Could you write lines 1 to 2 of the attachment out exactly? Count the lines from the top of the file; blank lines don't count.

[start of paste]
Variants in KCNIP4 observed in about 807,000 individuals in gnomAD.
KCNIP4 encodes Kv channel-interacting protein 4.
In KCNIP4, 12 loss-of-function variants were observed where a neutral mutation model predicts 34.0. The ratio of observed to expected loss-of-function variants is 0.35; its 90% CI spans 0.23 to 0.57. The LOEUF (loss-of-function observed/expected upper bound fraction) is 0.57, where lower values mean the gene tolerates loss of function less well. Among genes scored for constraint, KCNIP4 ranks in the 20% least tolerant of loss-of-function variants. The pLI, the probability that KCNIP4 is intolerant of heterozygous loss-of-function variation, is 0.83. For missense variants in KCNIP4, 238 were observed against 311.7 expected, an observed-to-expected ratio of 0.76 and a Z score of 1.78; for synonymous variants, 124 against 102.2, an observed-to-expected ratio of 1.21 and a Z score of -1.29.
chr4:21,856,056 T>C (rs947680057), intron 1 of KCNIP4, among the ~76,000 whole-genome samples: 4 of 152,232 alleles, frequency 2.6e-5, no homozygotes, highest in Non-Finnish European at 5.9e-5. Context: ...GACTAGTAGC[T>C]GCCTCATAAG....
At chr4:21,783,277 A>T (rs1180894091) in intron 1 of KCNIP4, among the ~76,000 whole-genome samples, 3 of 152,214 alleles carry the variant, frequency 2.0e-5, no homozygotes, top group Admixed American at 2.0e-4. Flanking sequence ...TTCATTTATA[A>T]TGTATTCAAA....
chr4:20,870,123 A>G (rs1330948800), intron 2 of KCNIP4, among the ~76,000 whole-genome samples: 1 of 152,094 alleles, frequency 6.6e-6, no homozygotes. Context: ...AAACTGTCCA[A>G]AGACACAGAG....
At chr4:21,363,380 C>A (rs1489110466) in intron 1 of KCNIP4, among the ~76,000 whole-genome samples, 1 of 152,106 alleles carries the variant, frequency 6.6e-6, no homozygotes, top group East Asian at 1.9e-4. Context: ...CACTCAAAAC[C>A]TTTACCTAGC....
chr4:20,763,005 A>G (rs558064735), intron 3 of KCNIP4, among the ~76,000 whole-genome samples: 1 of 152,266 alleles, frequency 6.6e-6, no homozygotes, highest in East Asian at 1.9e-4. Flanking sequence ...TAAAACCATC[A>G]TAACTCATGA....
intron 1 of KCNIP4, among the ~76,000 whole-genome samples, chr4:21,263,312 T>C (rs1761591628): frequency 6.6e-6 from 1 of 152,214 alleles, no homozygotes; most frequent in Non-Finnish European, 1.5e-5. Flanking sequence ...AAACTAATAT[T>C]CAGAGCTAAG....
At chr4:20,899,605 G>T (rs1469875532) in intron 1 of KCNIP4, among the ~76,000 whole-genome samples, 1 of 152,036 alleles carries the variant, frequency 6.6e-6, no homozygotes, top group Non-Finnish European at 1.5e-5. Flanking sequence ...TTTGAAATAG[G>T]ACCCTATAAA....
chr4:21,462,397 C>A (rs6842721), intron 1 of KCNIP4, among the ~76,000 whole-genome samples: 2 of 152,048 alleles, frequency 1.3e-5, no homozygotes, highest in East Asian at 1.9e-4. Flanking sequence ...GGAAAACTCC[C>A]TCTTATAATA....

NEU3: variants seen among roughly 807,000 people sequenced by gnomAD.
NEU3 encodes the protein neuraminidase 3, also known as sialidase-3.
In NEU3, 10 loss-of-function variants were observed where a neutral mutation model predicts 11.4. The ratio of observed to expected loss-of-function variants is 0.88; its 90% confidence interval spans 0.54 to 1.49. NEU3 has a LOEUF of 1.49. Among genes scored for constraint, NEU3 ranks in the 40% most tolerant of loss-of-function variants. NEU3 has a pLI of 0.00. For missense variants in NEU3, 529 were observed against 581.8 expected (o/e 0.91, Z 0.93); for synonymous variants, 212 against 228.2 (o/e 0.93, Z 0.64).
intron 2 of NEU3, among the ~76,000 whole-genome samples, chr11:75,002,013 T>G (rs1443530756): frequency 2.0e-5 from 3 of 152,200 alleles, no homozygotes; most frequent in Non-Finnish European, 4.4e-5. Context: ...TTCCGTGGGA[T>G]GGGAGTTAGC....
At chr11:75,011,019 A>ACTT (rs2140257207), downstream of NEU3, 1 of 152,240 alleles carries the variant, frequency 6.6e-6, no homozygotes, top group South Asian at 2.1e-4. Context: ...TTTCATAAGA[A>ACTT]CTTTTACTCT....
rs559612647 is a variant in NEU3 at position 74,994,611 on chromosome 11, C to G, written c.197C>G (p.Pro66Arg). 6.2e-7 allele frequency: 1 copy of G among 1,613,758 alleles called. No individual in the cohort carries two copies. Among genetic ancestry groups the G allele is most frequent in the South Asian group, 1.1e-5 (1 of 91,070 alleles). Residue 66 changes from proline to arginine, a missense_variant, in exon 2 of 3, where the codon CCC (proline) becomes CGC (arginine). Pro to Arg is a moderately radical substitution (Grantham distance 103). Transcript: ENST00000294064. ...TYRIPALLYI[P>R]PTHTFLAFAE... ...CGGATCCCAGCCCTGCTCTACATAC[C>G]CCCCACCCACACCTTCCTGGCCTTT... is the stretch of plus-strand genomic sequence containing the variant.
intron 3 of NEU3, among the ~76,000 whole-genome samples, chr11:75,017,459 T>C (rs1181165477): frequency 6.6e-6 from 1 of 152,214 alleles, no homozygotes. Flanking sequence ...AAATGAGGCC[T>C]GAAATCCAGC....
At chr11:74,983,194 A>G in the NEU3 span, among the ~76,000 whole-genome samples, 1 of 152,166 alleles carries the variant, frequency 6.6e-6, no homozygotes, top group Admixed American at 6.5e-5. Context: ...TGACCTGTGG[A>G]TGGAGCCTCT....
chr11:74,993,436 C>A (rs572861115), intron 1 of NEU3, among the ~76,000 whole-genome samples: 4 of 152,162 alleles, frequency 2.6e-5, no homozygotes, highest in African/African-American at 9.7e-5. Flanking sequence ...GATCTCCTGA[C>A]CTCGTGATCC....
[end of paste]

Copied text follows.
Variants in KCNIP4 observed in about 807,000 individuals in gnomAD.
KCNIP4 encodes Kv channel-interacting protein 4.